More Dakka for Coronavirus: We need immediate human trials of many vaccine-candidates and simultaneous manufacturing of all of them

by avturchin1 min read13th Mar 20203 comments

10

COVID-19 pandemic
Frontpage

Our best chance to fight CV is to create a vaccine as soon as possible. The irony is that we probably already have a vaccine but we can’t prove that it works, until animal safety test, 1 and 2 stage of the clinical trials, which will take 12-18 months at least. How we could accelerate the creation of the vaccine?

There are several ideas, which are mostly inspired by the research of anti-aging drugs, which suffer from the same problem: the need for very long clinical trials. See More Dakka post by Sara Constantin. 

  1. Immediate human trials. If we have the vaccine in 3 months, not 18 months, we will save millions of lives. So, based on the trolley problem logic, we may risk the health of a few thousand people to achieve these goals, especially if they were volunteers. Thus we need to start a human test of the vaccine candidates immediately, even before the end of animal trials, which are still needed. here we get acceleration by performing in parallel the actions which are typically done sequentially.
  2. Test safety and efficiency simultaneously. We also should combine 1 stage and 2 stages oа tests, that is safety and efficiency, by giving the vaccine to people who are already under potential exposure to CV, like nurses, or old people in nurseries. 
  3. Test on large groups. We should test a vaccine on a large group of people, like 10 000, so any finding will quickly get statistical significance. If the number of infection will decline relative to the control group, we could see it in one month.
  4. Test all vaccine candidates. All said above in 1-3 should be done with each of a dozen vaccine-candidates which are currently under developing. As a result, in one month we could know which vaccine candidate is the strongest and safest.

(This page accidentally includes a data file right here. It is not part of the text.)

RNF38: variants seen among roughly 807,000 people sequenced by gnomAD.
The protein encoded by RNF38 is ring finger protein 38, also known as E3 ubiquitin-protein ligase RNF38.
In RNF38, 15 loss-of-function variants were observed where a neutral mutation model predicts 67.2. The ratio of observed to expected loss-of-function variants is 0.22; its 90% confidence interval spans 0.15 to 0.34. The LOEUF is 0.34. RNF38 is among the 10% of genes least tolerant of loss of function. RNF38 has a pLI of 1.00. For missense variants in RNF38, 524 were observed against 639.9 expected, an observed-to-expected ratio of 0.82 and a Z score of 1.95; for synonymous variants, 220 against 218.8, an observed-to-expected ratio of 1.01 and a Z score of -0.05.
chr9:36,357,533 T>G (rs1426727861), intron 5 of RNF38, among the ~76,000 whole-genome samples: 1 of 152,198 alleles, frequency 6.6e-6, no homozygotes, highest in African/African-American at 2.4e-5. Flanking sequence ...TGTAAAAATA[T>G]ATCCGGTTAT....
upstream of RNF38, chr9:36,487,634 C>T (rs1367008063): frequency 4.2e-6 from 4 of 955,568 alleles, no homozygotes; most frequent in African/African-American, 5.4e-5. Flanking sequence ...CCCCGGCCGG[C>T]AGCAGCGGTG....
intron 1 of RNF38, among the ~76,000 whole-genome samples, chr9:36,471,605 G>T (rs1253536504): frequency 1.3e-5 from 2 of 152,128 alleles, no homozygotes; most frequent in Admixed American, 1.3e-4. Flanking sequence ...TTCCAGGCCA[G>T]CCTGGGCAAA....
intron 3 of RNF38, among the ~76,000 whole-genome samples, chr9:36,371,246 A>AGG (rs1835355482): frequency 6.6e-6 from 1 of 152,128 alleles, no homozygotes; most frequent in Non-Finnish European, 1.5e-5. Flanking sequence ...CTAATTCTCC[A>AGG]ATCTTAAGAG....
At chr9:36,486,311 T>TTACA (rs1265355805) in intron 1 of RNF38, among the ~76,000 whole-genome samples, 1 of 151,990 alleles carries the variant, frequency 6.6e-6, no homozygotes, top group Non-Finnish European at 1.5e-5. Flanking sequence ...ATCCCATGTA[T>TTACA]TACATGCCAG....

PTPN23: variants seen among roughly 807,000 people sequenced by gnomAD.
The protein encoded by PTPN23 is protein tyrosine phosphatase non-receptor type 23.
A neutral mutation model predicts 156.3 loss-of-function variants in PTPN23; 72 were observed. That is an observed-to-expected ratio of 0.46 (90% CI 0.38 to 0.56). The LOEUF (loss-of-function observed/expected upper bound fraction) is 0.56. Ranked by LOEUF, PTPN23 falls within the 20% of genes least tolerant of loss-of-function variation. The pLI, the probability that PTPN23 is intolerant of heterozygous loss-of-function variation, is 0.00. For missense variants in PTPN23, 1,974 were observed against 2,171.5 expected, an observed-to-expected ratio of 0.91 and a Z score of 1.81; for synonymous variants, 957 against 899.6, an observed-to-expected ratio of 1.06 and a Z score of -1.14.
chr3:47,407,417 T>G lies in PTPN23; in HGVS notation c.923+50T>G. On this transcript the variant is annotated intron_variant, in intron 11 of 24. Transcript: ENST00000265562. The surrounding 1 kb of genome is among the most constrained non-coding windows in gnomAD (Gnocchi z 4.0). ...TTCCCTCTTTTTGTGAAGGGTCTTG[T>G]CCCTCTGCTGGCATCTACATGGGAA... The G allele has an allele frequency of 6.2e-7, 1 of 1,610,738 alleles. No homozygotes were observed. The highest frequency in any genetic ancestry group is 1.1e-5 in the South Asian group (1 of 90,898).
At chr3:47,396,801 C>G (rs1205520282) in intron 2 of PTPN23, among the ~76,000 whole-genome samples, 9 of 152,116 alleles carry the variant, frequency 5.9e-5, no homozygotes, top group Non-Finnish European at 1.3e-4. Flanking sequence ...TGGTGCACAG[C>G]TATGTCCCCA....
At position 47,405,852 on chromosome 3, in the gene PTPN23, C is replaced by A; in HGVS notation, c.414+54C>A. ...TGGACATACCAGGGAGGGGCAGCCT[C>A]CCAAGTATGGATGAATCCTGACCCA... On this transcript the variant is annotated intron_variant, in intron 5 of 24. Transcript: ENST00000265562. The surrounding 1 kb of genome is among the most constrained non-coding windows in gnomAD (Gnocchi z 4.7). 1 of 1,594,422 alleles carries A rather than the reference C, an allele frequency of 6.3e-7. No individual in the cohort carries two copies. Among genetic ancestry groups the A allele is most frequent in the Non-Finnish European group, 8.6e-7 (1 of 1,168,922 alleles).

5. Manufacturing in advance. Simultaneously, we should start large scale production of all vaccine-candidates, if it is possible. After the best (maybe 3 or 5) vaccine-candidates are validated, the stockpile of failed vaccine-candidates is destroyed, and the best vaccines are delivered to the population. This will help to fight the production delay.
  6. Give people different best vaccines. There is still could be long-term detrimental effects of some of the vaccines, so it may be better not to give everybody just one best vaccine - what if it makes everybody will become sterile in 1 year?
  7. Combine best vaccines. To increase protection, we could give each person a combination of several (but not all to ensure point 6) of the best vaccines. Here I assume that detrimental interaction between vaccines is typically unlikely, but more technical analysis is needed. 
  8. Establish biomarkers of a good vaccine (e.g. antibodies). Biomarkers are important to check efficiency of a clinical trial before the final outcome is known.
  9. Try other approaches, like DRACO, distancing, coconut oil, a large dose of vitamin C etc and test them in the same accelerated way.

Several human trials already started: In China military volunteers are testing an experimental vaccine, and there are clinical trials of Moderna vaccine in the US.

10

3 comments, sorted by Highlighting new comments since Today at 3:35 AM
New Comment

Have some of these ideas been brought up with relevant regulatory agencies? Have any of those agencies formally declared their unwillingness to relax standards in these cases?

Given all the unusual actions being taken around COVID, I'd be a bit surprised if these options were really off the table, or if the relevant agencies weren't considering many of them.

As I understand it, the Moderna human trial should have safety data good enough for real-world purposes in about two months. It's a test of 45 people, so if 7% of the population is infected by that time (as seems likely) and none of the vaccinated people are, that's p<0.05 that it's effective, even though they weren't deliberately testing that.

Granted, the vaccine might *not* work, in which case we need a different angle.

But if it does, the FDA will then delay it another year or two. Does anyone know of any leverage at all that could be exerted over the FDA?

There is a new animal in the room: private pay-to-play clinical trials in third countries. In one case, people have to pay 1 million USD to enrol into an anti-aging clinical trial. Some of them could be scams. But it an option to take the risk and get the vaccine earlier for customers, and to get volunteers for the company.

EDITED: Andre Watson will be now live about private vaccine creation: https://www.facebook.com/events/516073069307382/